In men, we mostly diagnose HPV, when we see the warts. If we don’t see them, we don’t test for HPV on the skin.
We do know that about 90% of people will “clear” the virus within 2 years. That may mean that the virus is completely cleared from your body, or it may mean that the wart virus stays in the cells, but is dormant. The warts may never show up again, but they can also return at some future time.
Pregnancy and some illnesses can cause HPV to return, but sometimes they come back for no obvious reason.
Yes, it is possible that one or both of you could have had chlamydia and herpes simplex (HSV) for over 6 months.
Chlamydia is a common STI and many people do not notice symptoms. The only way they know they have Chlamydia is when they get tested, as you did.
Herpes is also very common. Estimates say that about 80% of people will have HSV type 1 in their lifetime; about 20% of people will have herpes in the genital area. It is quite common for people to have herpes and not know it because they do not notice symptoms.
Outbreaks come and go, and it is very possible that one, or both, of you had the virus and never noticed an outbreak before.
Sometimes the virus is on the skin when there is no sore present. This is called viral shedding and it is possible to pass herpes at this time.
It is always a good idea to get checked if you are worried about a sexual contact.
Routine STI tests in men and women usually include urine or swabs for gonorrhea and chlamydia. In women, it can also include swabs for trichomonas, yeast and bacterial vaginosis.
We check your blood for syphilis, HIV and sometimes Hepatitis A, B and C.
As for herpes, we usually only test when there are some symptoms of herpes, such as a sore on your skin. If you did get herpes, it takes around 2 – 20 days (average 6 days) for symptoms to show up.
It also takes time between when you had sex and when an infection will show up on the test. This is called a “window period”. Have a look at our chart, “STI’s at a Glance” for info on when to get tested..
If you notice any changes in your body, go for testing right away.
It’s great that you have been using condoms. When they are used correctly and they don’t break or fall off they offer good protection for many STIs.
There are some STIs, including warts, syphilis and herpes that are passed through skin to skin contact. Since condoms do not cover all skin areas, it is possible for these STIS to be passed with Russian (from behind) and ball licking.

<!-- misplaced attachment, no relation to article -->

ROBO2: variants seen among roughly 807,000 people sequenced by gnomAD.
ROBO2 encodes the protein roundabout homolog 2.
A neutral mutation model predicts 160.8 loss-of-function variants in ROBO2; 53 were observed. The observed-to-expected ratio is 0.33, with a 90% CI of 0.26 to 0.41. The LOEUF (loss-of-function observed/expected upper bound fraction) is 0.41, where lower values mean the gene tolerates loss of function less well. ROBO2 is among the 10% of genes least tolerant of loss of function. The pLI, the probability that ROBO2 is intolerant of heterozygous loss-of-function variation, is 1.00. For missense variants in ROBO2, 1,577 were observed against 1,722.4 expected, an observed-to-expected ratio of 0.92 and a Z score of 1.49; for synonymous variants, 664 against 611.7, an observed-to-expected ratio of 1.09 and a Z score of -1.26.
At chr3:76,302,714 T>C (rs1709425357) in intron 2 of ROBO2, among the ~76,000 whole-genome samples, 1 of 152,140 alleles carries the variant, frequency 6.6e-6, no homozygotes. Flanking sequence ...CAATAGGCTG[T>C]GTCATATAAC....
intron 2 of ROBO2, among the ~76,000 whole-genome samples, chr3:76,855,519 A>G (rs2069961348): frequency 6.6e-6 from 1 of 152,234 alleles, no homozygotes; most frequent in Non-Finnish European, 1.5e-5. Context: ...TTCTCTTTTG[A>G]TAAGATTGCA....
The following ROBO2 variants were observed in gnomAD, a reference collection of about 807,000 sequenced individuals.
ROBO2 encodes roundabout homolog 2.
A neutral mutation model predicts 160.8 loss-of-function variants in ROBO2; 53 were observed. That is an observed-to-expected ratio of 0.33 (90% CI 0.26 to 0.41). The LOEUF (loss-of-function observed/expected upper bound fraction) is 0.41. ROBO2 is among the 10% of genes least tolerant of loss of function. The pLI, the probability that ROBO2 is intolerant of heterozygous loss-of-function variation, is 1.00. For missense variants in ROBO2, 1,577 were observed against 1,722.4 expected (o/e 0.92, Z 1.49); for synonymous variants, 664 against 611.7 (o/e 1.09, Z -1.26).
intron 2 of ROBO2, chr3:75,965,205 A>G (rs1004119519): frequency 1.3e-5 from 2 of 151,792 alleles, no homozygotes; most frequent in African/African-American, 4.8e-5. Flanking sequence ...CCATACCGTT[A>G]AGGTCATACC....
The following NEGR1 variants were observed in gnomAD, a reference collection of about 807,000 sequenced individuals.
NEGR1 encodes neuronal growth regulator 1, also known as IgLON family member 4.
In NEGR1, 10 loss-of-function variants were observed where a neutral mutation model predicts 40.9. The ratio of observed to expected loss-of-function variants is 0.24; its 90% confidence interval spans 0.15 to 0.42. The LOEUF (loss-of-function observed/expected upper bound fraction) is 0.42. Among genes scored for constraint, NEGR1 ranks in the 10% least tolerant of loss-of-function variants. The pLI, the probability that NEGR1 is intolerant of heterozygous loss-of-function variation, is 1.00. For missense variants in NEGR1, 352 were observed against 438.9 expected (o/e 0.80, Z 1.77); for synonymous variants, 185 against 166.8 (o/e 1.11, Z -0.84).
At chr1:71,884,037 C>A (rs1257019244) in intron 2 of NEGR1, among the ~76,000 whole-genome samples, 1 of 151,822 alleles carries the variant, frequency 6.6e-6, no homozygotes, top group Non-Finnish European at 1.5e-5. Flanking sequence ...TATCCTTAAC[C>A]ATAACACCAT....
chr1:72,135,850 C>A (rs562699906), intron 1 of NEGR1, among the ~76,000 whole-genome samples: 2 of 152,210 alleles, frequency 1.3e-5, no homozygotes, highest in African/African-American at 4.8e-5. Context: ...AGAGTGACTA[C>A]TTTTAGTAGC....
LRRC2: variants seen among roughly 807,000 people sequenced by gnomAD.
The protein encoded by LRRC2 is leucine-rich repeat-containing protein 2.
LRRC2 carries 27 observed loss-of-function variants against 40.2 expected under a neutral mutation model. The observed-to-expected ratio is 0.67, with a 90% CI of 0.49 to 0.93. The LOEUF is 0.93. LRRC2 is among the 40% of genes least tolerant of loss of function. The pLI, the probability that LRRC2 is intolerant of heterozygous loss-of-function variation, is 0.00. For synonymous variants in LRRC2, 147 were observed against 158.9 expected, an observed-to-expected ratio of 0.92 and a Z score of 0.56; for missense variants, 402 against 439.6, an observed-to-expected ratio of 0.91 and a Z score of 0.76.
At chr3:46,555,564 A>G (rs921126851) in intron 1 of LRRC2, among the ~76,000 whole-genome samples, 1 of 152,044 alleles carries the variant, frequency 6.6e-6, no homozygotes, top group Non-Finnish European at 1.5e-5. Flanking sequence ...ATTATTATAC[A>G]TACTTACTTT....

Gonorrhea, Chlamydia and HIV are not passed with covered oral sex. Warts (HPV), herpes and syphilis are not commonly passed this way.
Gonorrhea, Chlamydia and HIV are not commonly passed with covered vaginal or anal sex. It is possible to pass warts, herpes and syphilis this way.
Viruses such as HIV and Hepatitis B and C, could be passed when blood comes in contact with mucous membrane (rectum, urethra, vagina), open skin or sores. Blood contact with unbroken skin is not considered a risk for HIV or Hepatitis B and C. It was a good idea to wash the blood off right away.
Many times people have no symptoms, so not seeing sores does not always mean a person does not have an STI.
If you are not getting routine testing, it may be a good idea to get tested. Check out our clinic finder for a STI clinic in BC.
Please leave a comment to let us know if this answers your questions or if you need more info.
For other readers, please feel free to leave a comment, or let us know if this was helpful.
When someone is coming to a clinic for a routine HIV test, we usually recommend testing at 6 weeks and 3 months. This is done because 95% of tests are accurate after 6 weeks, but it can take up to 3 months for a final result.
In your case testing is treated differently because it was an occupational exposure. This means that you come under the blood and body fluid exposure management guidelines of your employer.
The testing recommended in the blood and body fluid exposure manual is meant to cover all types of situations, and because several things are being tested at the same times.
For example, HIV testing is recommended at 9 months because the HIV window period can be affected if the person took post exposure prophylaxis (PEP) to try and prevent an HIV infection. Click here for more information about PEP.
Because this is work related, I recommend that you talk with your occupational health department about your situation, and why they recommend follow up testing at 6 and 9 months.
I’m not quite sure if you are asking about routine testing or HIV window periods. Here is a bit of info on both:
When to get routine testing depends on things like whether you and your partners have other partners, whether condoms are used and how they are used. Click here for more information on when to get tested.
For HIV window periods, the virus is usually found in the blood within 3-6 weeks, but it can take up to 3 months. Click here for more information on HIV and testing.
Please leave a comment to let us know if this answers your question or if you need more info.